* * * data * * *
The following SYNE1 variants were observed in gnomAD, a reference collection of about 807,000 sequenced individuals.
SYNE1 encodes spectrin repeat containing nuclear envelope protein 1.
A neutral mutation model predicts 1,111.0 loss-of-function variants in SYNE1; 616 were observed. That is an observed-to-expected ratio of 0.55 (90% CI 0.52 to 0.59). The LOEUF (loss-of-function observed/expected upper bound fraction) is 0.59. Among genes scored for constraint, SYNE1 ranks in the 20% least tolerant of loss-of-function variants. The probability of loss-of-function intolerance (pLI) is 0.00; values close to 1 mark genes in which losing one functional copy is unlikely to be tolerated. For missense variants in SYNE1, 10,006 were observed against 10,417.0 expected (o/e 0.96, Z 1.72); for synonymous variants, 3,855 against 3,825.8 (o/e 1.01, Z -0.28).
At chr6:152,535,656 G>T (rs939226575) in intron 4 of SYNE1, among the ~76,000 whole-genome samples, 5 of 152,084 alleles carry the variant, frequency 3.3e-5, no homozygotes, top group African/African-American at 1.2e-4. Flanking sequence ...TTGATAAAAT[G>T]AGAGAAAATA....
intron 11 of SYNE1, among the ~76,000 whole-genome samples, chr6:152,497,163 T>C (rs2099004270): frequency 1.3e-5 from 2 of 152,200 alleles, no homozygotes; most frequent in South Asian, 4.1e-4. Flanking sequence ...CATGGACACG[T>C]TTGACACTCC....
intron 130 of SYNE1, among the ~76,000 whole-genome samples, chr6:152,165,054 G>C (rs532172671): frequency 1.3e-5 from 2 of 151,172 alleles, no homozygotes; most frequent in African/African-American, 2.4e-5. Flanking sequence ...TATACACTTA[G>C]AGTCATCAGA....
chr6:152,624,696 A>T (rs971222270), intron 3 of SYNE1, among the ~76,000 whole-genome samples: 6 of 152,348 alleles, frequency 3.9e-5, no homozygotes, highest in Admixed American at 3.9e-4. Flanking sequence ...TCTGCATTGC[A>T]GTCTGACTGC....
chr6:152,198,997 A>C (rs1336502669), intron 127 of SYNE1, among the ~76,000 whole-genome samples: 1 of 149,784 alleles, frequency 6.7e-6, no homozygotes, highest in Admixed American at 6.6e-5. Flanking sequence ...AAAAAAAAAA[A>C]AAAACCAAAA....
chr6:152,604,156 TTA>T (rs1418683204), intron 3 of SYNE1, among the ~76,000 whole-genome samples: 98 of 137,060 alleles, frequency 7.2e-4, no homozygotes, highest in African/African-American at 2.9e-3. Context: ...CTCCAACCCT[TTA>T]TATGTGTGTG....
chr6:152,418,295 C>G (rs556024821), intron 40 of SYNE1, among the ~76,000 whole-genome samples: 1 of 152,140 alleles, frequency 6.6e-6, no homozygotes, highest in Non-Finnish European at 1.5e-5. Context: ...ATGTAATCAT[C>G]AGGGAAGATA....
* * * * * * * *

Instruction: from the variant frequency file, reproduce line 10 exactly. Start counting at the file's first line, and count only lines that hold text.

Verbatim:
chr6:152,418,295 C>G (rs556024821), intron 40 of SYNE1, among the ~76,000 whole-genome samples: 1 of 152,140 alleles, frequency 6.6e-6, no homozygotes, highest in Non-Finnish European at 1.5e-5. Context: ...ATGTAATCAT[C>G]AGGGAAGATA....